Art story of Suzanne Aubert’s medicines

WelCom August 2020 Sue Seconi Regular exhibitor and artist Emma Cunningham from Whanganui displayed her collection of six pieces expressing the story of Suzanne Aubert and her medicines at Whanganui’s…

WelCom August 2020

Sue Seconi

Art story of Suzanne Aubert’s medicines Archdiocese of Wellington
Emma is holding Paramo, involving four plants of kawakawa, karana, manuka and harakeke. The rosary beads are made of
flax seeds set in test tubes. Photo: Supplied

Regular exhibitor and artist Emma Cunningham from Whanganui displayed her collection of six pieces expressing the story of Suzanne Aubert and her medicines at Whanganui’s Space Studio and Gallery in June this year. 

Emma first heard about Suzanne Aubert when boarding at then Sacred Heart College. With a deep consciousness of native flora and respect for the environment, Emma took an instant interest in Suzanne Aubert’s medicines developed from plants. 

Emma named her pieces after New Zealand’s ‘Saint-in-the-Making’s’ most common herbal remedies of Marupa, Karana, Natanata, Paramo, Hapete and Romino. Plants associated with each medicine were depicted in each work.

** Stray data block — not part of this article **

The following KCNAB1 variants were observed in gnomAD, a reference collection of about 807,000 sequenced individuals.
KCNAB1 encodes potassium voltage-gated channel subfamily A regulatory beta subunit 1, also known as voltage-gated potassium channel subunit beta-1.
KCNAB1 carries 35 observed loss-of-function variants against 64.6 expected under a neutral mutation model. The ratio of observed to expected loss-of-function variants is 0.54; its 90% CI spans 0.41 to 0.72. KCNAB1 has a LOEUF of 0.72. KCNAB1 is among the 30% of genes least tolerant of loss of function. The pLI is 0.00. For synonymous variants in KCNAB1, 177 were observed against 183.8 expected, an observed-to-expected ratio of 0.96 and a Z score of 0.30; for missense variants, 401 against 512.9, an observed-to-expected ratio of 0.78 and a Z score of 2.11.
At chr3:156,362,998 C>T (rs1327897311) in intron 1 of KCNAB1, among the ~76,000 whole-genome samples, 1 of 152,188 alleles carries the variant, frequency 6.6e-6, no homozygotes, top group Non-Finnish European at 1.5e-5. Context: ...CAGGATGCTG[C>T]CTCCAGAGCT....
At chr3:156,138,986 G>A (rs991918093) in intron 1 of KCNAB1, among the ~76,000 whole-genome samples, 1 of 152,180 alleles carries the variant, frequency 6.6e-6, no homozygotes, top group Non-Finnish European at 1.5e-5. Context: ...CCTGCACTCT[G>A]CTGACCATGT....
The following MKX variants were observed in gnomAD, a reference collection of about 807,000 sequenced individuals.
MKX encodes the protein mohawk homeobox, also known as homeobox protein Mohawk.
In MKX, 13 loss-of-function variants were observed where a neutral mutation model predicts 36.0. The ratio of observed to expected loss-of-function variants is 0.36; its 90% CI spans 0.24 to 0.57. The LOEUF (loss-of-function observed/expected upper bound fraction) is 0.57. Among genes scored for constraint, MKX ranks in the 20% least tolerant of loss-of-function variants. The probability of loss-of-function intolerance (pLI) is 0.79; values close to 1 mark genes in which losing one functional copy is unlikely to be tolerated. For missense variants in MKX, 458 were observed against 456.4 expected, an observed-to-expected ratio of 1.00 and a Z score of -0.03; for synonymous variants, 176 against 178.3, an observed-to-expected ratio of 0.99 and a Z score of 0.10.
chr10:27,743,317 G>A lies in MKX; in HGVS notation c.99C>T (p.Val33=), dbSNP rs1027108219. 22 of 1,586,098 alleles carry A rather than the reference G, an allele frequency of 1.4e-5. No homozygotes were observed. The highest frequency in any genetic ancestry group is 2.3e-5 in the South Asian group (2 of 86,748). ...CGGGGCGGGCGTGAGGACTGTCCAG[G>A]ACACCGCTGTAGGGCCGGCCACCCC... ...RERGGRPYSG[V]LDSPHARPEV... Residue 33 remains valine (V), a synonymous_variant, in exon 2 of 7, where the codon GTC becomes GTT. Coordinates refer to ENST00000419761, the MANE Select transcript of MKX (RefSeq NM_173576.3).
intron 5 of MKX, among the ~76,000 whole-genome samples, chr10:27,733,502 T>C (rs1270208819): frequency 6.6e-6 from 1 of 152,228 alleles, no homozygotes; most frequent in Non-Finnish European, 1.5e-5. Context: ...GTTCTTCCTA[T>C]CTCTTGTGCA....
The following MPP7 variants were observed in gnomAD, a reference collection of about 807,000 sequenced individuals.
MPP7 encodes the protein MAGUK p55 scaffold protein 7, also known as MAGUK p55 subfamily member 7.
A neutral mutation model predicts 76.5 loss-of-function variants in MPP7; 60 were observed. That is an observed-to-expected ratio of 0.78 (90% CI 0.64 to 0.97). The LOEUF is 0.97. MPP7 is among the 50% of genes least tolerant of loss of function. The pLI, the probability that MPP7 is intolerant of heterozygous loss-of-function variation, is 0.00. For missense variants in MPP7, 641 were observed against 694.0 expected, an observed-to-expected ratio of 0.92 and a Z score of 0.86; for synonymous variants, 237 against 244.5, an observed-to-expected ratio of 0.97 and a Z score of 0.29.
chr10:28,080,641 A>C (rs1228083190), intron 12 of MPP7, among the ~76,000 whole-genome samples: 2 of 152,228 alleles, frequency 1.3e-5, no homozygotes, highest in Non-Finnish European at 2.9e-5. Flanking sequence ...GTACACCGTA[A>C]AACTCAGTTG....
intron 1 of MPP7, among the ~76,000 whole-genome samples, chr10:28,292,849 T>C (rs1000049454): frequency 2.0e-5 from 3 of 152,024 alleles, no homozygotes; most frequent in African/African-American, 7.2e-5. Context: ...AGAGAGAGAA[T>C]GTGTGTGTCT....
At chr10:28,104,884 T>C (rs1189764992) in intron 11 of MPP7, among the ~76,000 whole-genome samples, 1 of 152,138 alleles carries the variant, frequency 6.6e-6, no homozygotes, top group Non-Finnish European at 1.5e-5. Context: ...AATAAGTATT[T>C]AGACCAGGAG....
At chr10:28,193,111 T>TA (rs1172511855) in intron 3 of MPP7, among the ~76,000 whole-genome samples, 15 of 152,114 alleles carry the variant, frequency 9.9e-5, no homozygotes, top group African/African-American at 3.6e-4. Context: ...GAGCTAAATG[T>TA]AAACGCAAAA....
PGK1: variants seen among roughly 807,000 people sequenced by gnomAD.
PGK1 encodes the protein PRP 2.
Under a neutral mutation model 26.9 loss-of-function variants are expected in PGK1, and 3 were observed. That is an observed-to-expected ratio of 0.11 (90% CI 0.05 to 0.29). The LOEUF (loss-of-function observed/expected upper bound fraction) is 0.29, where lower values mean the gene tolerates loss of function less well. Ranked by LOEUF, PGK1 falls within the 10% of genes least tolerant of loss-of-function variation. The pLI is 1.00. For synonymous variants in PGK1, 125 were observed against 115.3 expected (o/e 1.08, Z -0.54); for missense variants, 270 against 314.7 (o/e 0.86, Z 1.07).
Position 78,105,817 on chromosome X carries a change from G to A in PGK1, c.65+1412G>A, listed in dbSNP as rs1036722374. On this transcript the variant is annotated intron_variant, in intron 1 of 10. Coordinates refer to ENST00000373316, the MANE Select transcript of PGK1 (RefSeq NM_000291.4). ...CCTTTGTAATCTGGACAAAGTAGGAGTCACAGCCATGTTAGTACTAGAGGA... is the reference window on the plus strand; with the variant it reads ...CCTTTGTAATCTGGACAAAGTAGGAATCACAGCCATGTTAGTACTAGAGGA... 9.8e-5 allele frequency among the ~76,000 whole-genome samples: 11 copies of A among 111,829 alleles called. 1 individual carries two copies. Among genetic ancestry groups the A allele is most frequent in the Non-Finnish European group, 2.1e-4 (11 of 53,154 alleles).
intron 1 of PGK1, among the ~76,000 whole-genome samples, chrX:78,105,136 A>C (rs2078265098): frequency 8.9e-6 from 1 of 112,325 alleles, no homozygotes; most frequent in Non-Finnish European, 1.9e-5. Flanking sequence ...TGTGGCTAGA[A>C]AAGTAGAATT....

‘They are contemporary sculptural works involving collage, varnish on wood with a galvanised steel frame,’ Emma said.

Suzanne was quite secretive with her recipes. Even the Sisters who assisted her never knew the complete process even though they were instructed to get Suzanne at the evaporation stage in particular. Wellington’s Evening Post of the time describes the medicines as ‘the chief proprietary medicine of New Zealand’.

Some 30,000 bottles were sold within the first three months in Wellington alone. When Suzanne learnt that Kempthorne and Prosser [New Zealand drug manufacturing company], who were commercially manufacturing her remedies, were diluting the concentrate to keep up with the demand, she took them to court, which upheld her case. 

Deeply pained at what happened, story has it that Suzanne placed the recipes into the Whanganui River to protect Māori knowledge.